Jason Lanier is one of the most celebrated pioneers of digital innovation in the world, and also one of the earliest and most prescient critics of its current trajectory. Jason is author of 2018’s ‘Ten Arguments for Deleting Your Social Media Accounts Right Now’, which is as clear and definitive an account of the damage companies like Twitter and Facebook and Google do to society and to our individual psyches as you’ll ever read.

The book felt relevant again right now, I said, in a way that made my bones actually vibrate. Lanier had been early to the idea that these platforms were addictive and even harmful—that their algorithms made people feel bad, divided them against one another, and actually changed who they were, in an insidious and threatening manner. That because of this, social media was in some ways “worse than cigarettes,” as Lanier put it at one point, “in that cigarettes don’t degrade you. They kill you, but you’re still you.”

His most dispiriting observations are those about what social media does to politics – biased, “not towards the left or right, but downwards”. If triggering emotions is the highest prize, and negative emotions are easier to trigger, how could social media not make you sad?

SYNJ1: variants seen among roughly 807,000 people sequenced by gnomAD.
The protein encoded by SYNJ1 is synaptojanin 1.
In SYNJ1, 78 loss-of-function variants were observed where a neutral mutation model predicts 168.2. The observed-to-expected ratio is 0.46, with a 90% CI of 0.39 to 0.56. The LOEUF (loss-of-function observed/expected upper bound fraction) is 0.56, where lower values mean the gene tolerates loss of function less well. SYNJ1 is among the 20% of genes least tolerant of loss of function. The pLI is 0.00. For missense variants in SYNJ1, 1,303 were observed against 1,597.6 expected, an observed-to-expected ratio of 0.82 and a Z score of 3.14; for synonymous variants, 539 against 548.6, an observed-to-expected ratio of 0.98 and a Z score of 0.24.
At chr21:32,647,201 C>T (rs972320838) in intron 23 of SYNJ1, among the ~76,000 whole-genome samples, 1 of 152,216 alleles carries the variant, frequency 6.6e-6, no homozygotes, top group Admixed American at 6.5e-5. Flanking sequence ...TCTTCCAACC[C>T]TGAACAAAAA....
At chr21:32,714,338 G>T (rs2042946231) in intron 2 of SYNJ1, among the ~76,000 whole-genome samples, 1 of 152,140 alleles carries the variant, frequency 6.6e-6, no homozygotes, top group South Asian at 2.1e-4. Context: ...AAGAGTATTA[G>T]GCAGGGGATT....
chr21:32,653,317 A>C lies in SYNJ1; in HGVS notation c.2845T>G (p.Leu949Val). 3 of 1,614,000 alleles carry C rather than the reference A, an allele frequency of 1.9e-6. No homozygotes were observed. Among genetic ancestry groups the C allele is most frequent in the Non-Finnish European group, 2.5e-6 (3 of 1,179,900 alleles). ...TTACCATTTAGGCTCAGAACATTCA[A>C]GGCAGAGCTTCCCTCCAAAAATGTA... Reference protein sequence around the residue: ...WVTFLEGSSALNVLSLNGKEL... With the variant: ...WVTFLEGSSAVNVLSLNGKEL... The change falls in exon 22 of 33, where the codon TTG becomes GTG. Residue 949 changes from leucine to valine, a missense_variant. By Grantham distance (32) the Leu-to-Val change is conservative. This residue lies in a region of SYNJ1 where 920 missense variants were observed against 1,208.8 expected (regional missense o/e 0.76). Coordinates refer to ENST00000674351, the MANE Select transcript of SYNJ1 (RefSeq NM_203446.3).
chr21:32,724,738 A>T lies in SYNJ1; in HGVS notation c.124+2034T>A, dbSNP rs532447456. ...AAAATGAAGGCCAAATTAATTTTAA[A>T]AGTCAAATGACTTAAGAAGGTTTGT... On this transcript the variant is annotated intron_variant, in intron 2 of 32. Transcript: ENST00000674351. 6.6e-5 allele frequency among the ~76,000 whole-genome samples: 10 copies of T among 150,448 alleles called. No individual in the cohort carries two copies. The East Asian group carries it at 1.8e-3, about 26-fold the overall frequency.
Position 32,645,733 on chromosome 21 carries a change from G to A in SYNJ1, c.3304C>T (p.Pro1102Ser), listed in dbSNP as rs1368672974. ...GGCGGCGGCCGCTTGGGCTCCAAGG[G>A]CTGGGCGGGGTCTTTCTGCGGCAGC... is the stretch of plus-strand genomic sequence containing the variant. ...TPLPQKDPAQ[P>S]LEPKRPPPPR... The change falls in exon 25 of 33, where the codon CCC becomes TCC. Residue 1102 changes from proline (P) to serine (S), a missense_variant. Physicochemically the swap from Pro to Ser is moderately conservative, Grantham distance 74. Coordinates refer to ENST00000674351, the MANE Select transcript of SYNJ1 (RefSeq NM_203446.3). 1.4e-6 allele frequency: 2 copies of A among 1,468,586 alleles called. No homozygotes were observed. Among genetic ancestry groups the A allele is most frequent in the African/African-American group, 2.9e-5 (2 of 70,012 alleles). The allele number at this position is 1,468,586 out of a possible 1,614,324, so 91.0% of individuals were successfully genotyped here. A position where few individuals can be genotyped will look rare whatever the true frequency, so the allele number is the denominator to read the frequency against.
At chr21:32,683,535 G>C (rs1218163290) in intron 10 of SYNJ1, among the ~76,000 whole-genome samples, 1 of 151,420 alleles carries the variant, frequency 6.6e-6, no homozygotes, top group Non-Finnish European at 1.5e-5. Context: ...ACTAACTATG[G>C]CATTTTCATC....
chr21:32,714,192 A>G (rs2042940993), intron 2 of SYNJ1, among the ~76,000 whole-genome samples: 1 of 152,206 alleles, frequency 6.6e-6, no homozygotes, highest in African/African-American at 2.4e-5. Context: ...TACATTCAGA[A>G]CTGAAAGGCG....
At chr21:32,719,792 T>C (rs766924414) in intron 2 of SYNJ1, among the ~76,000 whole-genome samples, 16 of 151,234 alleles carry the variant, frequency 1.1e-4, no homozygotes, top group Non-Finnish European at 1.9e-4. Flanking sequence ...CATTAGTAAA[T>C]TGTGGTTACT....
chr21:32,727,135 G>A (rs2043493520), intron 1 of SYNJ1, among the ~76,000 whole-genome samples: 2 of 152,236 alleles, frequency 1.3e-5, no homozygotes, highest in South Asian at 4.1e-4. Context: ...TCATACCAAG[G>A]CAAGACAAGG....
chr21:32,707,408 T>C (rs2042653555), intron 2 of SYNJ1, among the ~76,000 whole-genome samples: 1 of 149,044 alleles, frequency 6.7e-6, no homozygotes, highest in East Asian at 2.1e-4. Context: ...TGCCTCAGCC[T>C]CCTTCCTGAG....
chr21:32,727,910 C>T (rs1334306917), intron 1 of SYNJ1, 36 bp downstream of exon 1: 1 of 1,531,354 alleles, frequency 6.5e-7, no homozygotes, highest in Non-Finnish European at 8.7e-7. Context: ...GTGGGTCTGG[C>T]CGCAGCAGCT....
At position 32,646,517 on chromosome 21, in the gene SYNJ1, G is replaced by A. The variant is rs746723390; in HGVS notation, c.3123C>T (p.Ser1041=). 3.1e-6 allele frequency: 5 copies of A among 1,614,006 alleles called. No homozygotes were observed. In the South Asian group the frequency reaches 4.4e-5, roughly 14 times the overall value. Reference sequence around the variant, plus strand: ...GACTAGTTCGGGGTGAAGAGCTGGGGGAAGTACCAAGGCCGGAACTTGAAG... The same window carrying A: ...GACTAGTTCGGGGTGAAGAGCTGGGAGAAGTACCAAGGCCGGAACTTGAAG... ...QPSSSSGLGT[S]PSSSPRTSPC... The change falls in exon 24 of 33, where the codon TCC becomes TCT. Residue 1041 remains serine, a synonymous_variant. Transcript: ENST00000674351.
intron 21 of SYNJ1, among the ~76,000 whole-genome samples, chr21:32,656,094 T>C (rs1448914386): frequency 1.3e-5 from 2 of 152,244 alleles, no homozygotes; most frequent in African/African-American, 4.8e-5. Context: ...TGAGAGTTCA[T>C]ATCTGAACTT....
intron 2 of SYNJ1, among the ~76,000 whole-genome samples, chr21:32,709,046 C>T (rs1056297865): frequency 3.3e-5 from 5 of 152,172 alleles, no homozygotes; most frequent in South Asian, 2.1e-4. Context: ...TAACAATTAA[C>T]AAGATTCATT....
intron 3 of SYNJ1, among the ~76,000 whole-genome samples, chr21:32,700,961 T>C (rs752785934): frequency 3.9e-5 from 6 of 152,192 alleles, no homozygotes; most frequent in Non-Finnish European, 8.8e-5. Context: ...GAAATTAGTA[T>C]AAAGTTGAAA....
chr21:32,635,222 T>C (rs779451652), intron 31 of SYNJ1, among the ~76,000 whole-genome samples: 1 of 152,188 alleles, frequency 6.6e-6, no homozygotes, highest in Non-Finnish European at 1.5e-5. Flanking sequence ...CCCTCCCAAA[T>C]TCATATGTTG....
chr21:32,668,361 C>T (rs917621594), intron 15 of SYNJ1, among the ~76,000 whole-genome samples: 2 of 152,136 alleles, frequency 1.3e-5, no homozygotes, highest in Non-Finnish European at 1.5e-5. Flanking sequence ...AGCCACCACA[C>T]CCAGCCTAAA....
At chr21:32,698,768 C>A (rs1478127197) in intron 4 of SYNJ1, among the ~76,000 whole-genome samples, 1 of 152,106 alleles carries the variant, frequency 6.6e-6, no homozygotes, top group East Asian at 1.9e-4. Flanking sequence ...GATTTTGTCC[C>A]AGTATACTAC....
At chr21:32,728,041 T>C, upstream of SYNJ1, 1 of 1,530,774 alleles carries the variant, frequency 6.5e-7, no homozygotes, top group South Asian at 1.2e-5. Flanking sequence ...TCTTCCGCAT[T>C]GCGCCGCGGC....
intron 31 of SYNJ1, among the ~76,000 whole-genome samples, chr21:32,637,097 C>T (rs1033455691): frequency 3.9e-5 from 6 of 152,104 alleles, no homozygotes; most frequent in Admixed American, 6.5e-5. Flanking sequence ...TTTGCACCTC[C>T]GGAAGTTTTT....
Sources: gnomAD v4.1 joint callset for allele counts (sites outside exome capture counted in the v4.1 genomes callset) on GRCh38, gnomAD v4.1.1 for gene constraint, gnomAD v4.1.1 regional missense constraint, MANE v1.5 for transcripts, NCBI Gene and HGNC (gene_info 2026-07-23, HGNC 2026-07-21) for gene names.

If your consumption of content is tailored by near limitless observations harvested about people like you, how could your universe not collapse into the partial depiction of reality that people like you also enjoy? How could empathy and respect for difference thrive in this environment? Where’s the incentive to stamp out fake accounts, fake news, paid troll armies, dyspeptic bots?

Right now, Lanier said, most of the systems on the internet are set up to exploit us, to harvest our creative ideas and our data without compensation. That the prevailing attitude in Silicon Valley is basically: “There’s no reason for you to know what your data means, how it might be used, you can’t contribute, we don’t know who you are, we don’t want to know you, you’re worthless, you’re not going to get paid, it’s only valuable once we aggregate it but you know nothing, you will know nothing, you’re in the dark, you’re useless, you’re hopeless, you’re nothing.